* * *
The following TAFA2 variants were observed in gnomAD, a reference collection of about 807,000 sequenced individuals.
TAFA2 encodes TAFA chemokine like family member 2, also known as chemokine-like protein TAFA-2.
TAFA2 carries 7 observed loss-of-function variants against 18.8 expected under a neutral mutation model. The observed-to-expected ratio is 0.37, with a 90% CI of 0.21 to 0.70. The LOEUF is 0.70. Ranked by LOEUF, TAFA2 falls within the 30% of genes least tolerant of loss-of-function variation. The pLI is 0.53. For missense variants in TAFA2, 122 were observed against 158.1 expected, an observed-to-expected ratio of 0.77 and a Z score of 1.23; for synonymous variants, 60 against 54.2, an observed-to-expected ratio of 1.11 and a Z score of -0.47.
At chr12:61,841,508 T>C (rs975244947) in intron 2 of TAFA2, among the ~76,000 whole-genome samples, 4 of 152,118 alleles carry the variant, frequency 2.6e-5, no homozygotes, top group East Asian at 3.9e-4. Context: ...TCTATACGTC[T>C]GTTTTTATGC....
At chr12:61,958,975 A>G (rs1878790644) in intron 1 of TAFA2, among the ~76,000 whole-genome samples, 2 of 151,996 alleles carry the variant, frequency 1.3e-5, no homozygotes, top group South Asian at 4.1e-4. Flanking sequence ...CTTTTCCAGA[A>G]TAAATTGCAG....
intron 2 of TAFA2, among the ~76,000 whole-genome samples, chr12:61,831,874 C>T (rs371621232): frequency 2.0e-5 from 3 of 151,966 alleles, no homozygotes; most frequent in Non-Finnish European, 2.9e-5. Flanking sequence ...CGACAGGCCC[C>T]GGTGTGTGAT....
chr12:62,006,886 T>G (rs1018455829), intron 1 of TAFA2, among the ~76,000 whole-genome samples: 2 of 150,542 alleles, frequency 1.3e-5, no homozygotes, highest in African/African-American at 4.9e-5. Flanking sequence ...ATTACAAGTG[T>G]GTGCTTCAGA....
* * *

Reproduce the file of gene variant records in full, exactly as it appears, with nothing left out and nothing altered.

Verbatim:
The following TAFA2 variants were observed in gnomAD, a reference collection of about 807,000 sequenced individuals.
TAFA2 encodes TAFA chemokine like family member 2, also known as chemokine-like protein TAFA-2.
TAFA2 carries 7 observed loss-of-function variants against 18.8 expected under a neutral mutation model. The observed-to-expected ratio is 0.37, with a 90% CI of 0.21 to 0.70. The LOEUF is 0.70. Ranked by LOEUF, TAFA2 falls within the 30% of genes least tolerant of loss-of-function variation. The pLI is 0.53. For missense variants in TAFA2, 122 were observed against 158.1 expected, an observed-to-expected ratio of 0.77 and a Z score of 1.23; for synonymous variants, 60 against 54.2, an observed-to-expected ratio of 1.11 and a Z score of -0.47.
At chr12:61,841,508 T>C (rs975244947) in intron 2 of TAFA2, among the ~76,000 whole-genome samples, 4 of 152,118 alleles carry the variant, frequency 2.6e-5, no homozygotes, top group East Asian at 3.9e-4. Context: ...TCTATACGTC[T>C]GTTTTTATGC....
At chr12:61,958,975 A>G (rs1878790644) in intron 1 of TAFA2, among the ~76,000 whole-genome samples, 2 of 151,996 alleles carry the variant, frequency 1.3e-5, no homozygotes, top group South Asian at 4.1e-4. Flanking sequence ...CTTTTCCAGA[A>G]TAAATTGCAG....
intron 2 of TAFA2, among the ~76,000 whole-genome samples, chr12:61,831,874 C>T (rs371621232): frequency 2.0e-5 from 3 of 151,966 alleles, no homozygotes; most frequent in Non-Finnish European, 2.9e-5. Flanking sequence ...CGACAGGCCC[C>T]GGTGTGTGAT....
chr12:62,006,886 T>G (rs1018455829), intron 1 of TAFA2, among the ~76,000 whole-genome samples: 2 of 150,542 alleles, frequency 1.3e-5, no homozygotes, highest in African/African-American at 4.9e-5. Flanking sequence ...ATTACAAGTG[T>G]GTGCTTCAGA....